Portions of this study were presented at the American Speech-Language-Hearing Association (ASHA) Annual Convention in November, 2010 and at AudiologyNOW! in April, 2011. This manuscript was published in The International Journal of Audiology in 2011.
Administration time in minutes across the three presentation conditions and the two groups. CD track lengths are also plotted for the long and short ISIs (interstimulus intervals).
BILINGUALISM AND ITS EFFECTS ON SPEECH PERCEPTION IN NOISE
In Phase I of this study, signal-to-noise ratio loss was measured in two groups of normal hearing participants: (a) those with English as their native language and (b) those with English as a second language (i.e. Asian languages). Results indicated that participants for whom English is a second language perform significantly worse than native English speakers in a background of multi-talker babble. This difficulty in speech perception in noise reflects poor processing of English stimuli in a background of noise, making these individuals with normal hearing function as though they are hearing impaired. Phase II of this study compared similar groups of subjects except that the non-native speakers were all Hispanic.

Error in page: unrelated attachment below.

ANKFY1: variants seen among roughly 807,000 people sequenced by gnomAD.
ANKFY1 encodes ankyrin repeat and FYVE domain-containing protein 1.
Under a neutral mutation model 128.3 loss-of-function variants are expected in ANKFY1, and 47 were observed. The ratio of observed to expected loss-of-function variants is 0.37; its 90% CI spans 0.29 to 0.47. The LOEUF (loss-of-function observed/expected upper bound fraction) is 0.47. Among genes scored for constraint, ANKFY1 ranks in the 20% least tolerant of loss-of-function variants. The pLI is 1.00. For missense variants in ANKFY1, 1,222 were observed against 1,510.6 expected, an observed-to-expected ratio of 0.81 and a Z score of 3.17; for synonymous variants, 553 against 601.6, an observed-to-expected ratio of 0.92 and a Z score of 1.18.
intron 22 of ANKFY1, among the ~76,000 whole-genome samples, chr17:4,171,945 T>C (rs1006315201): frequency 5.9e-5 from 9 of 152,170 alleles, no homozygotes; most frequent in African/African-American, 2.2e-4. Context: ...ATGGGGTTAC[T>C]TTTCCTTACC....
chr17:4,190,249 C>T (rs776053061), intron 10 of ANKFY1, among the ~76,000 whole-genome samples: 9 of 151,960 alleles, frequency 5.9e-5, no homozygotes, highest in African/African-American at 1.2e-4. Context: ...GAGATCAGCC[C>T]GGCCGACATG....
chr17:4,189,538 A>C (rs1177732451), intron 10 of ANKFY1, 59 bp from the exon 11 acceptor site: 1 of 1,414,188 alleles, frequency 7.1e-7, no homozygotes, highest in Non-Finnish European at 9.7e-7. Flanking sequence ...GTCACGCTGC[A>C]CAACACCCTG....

Non-native English speakers had significantly poorer SNR losses compared to their English speaking counterparts.
SPEECH PERCEPTION IN NOISE FOR BILINGUAL LISTENERS WITH NORMAL HEARING
Phase II of this study compared similar groups of subjects except that the non-native speakers were all Hispanic. Results indicated that bilingual Spanish listeners with normal hearing who are proficient in English performed significantly poorer in noise when compared to their monolingual English speaking controls. This decreased performance in noise requires an improved SNR for this population to reach a comparable level of comprehension to their monolingual English speaking counterparts. It is recommended that speech-in-noise tests be used with bilingual patients as part of the audiometric test battery to provide additional insight into their speech perception capabilities.
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SUBJECTIVE AND OBJECTIVE ASSESSMENT OF HEARING AID OUTCOMES
Procedures currently used for evaluating hearing aids have fallen short of the goal
of accurately assessing a listener's speech perception capabilities. Neither verification
methods that determine whether hearing aids provide adequate gain according to prescriptive
techniques nor validation methods that summarize patients' subjective perceptions
of hearing aid benefit are sufficient by themselves. In this project, selected objective
and subjective outcome measures are being evaluated that have the best likelihood
of providing the desired information about hearing aid benefit. Newer speech recognition
tests that were developed with appropriate standardization are being evaluated along
with subjective measures of self report that have been rigorously tested and validated
for measuring hearing aid benefit. The effectiveness of both these objective and subjective